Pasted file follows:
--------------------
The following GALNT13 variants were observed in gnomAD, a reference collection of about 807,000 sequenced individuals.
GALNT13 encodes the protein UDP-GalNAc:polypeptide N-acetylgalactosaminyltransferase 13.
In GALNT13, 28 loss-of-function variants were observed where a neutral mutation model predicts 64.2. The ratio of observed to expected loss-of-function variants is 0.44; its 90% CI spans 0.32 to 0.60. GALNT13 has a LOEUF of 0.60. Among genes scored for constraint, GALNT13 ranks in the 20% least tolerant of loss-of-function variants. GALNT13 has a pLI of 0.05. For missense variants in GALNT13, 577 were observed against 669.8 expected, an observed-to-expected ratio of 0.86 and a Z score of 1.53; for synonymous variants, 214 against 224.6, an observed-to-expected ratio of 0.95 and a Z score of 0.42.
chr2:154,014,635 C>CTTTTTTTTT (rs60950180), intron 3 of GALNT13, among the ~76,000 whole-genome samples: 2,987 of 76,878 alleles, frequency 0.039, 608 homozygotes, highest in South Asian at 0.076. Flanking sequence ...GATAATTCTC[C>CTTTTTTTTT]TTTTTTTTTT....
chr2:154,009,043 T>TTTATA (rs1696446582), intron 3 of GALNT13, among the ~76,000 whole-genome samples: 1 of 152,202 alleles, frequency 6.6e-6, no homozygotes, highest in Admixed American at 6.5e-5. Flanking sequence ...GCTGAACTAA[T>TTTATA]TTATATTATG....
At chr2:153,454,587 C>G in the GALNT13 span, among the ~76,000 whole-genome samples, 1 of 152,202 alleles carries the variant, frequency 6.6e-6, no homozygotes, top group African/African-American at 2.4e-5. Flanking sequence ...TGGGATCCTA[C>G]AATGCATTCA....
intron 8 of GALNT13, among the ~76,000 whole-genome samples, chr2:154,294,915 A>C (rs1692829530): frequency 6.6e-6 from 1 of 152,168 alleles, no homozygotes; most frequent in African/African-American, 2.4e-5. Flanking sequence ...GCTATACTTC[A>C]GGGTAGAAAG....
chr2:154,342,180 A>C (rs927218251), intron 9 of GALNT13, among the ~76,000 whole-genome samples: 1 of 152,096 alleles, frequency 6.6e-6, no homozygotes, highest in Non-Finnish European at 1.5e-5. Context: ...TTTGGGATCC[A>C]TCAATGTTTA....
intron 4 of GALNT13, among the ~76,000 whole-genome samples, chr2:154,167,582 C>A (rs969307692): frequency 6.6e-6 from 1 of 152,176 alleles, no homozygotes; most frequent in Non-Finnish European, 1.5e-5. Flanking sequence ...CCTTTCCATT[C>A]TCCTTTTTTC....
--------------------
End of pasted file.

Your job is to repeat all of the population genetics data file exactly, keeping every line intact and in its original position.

The following GALNT13 variants were observed in gnomAD, a reference collection of about 807,000 sequenced individuals.
GALNT13 encodes the protein UDP-GalNAc:polypeptide N-acetylgalactosaminyltransferase 13.
In GALNT13, 28 loss-of-function variants were observed where a neutral mutation model predicts 64.2. The ratio of observed to expected loss-of-function variants is 0.44; its 90% CI spans 0.32 to 0.60. GALNT13 has a LOEUF of 0.60. Among genes scored for constraint, GALNT13 ranks in the 20% least tolerant of loss-of-function variants. GALNT13 has a pLI of 0.05. For missense variants in GALNT13, 577 were observed against 669.8 expected, an observed-to-expected ratio of 0.86 and a Z score of 1.53; for synonymous variants, 214 against 224.6, an observed-to-expected ratio of 0.95 and a Z score of 0.42.
chr2:154,014,635 C>CTTTTTTTTT (rs60950180), intron 3 of GALNT13, among the ~76,000 whole-genome samples: 2,987 of 76,878 alleles, frequency 0.039, 608 homozygotes, highest in South Asian at 0.076. Flanking sequence ...GATAATTCTC[C>CTTTTTTTTT]TTTTTTTTTT....
chr2:154,009,043 T>TTTATA (rs1696446582), intron 3 of GALNT13, among the ~76,000 whole-genome samples: 1 of 152,202 alleles, frequency 6.6e-6, no homozygotes, highest in Admixed American at 6.5e-5. Flanking sequence ...GCTGAACTAA[T>TTTATA]TTATATTATG....
At chr2:153,454,587 C>G in the GALNT13 span, among the ~76,000 whole-genome samples, 1 of 152,202 alleles carries the variant, frequency 6.6e-6, no homozygotes, top group African/African-American at 2.4e-5. Flanking sequence ...TGGGATCCTA[C>G]AATGCATTCA....
intron 8 of GALNT13, among the ~76,000 whole-genome samples, chr2:154,294,915 A>C (rs1692829530): frequency 6.6e-6 from 1 of 152,168 alleles, no homozygotes; most frequent in African/African-American, 2.4e-5. Flanking sequence ...GCTATACTTC[A>C]GGGTAGAAAG....
chr2:154,342,180 A>C (rs927218251), intron 9 of GALNT13, among the ~76,000 whole-genome samples: 1 of 152,096 alleles, frequency 6.6e-6, no homozygotes, highest in Non-Finnish European at 1.5e-5. Context: ...TTTGGGATCC[A>C]TCAATGTTTA....
intron 4 of GALNT13, among the ~76,000 whole-genome samples, chr2:154,167,582 C>A (rs969307692): frequency 6.6e-6 from 1 of 152,176 alleles, no homozygotes; most frequent in Non-Finnish European, 1.5e-5. Flanking sequence ...CCTTTCCATT[C>A]TCCTTTTTTC....